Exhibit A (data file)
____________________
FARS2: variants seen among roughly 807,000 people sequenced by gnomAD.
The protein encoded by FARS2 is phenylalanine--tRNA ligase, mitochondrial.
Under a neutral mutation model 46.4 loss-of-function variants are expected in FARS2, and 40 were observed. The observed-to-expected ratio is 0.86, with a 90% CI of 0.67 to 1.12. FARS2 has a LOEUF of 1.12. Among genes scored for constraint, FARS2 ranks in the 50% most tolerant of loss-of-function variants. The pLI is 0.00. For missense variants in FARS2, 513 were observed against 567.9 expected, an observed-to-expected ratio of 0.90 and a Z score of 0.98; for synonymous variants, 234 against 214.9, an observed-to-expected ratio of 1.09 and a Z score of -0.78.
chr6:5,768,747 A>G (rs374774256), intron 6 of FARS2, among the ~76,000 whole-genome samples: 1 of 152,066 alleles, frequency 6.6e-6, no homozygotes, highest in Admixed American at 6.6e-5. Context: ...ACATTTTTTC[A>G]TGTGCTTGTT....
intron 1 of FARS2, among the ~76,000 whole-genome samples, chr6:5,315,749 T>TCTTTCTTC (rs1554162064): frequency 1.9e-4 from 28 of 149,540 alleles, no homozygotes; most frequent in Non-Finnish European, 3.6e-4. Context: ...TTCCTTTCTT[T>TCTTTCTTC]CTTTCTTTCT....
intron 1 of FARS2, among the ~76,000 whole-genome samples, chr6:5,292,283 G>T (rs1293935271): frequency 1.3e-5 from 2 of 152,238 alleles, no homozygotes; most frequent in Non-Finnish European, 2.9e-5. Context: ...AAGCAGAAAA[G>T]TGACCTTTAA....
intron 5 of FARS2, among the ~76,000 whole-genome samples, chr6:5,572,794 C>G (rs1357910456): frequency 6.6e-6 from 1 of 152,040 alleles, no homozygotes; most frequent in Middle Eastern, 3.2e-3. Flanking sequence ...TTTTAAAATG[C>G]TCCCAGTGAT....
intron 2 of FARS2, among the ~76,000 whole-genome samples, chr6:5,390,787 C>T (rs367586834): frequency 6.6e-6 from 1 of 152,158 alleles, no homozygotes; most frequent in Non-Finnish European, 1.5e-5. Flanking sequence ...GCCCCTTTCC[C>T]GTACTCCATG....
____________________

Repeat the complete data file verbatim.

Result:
FARS2: variants seen among roughly 807,000 people sequenced by gnomAD.
The protein encoded by FARS2 is phenylalanine--tRNA ligase, mitochondrial.
Under a neutral mutation model 46.4 loss-of-function variants are expected in FARS2, and 40 were observed. The observed-to-expected ratio is 0.86, with a 90% CI of 0.67 to 1.12. FARS2 has a LOEUF of 1.12. Among genes scored for constraint, FARS2 ranks in the 50% most tolerant of loss-of-function variants. The pLI is 0.00. For missense variants in FARS2, 513 were observed against 567.9 expected, an observed-to-expected ratio of 0.90 and a Z score of 0.98; for synonymous variants, 234 against 214.9, an observed-to-expected ratio of 1.09 and a Z score of -0.78.
chr6:5,768,747 A>G (rs374774256), intron 6 of FARS2, among the ~76,000 whole-genome samples: 1 of 152,066 alleles, frequency 6.6e-6, no homozygotes, highest in Admixed American at 6.6e-5. Context: ...ACATTTTTTC[A>G]TGTGCTTGTT....
intron 1 of FARS2, among the ~76,000 whole-genome samples, chr6:5,315,749 T>TCTTTCTTC (rs1554162064): frequency 1.9e-4 from 28 of 149,540 alleles, no homozygotes; most frequent in Non-Finnish European, 3.6e-4. Context: ...TTCCTTTCTT[T>TCTTTCTTC]CTTTCTTTCT....
intron 1 of FARS2, among the ~76,000 whole-genome samples, chr6:5,292,283 G>T (rs1293935271): frequency 1.3e-5 from 2 of 152,238 alleles, no homozygotes; most frequent in Non-Finnish European, 2.9e-5. Context: ...AAGCAGAAAA[G>T]TGACCTTTAA....
intron 5 of FARS2, among the ~76,000 whole-genome samples, chr6:5,572,794 C>G (rs1357910456): frequency 6.6e-6 from 1 of 152,040 alleles, no homozygotes; most frequent in Middle Eastern, 3.2e-3. Flanking sequence ...TTTTAAAATG[C>G]TCCCAGTGAT....
intron 2 of FARS2, among the ~76,000 whole-genome samples, chr6:5,390,787 C>T (rs367586834): frequency 6.6e-6 from 1 of 152,158 alleles, no homozygotes; most frequent in Non-Finnish European, 1.5e-5. Flanking sequence ...GCCCCTTTCC[C>T]GTACTCCATG....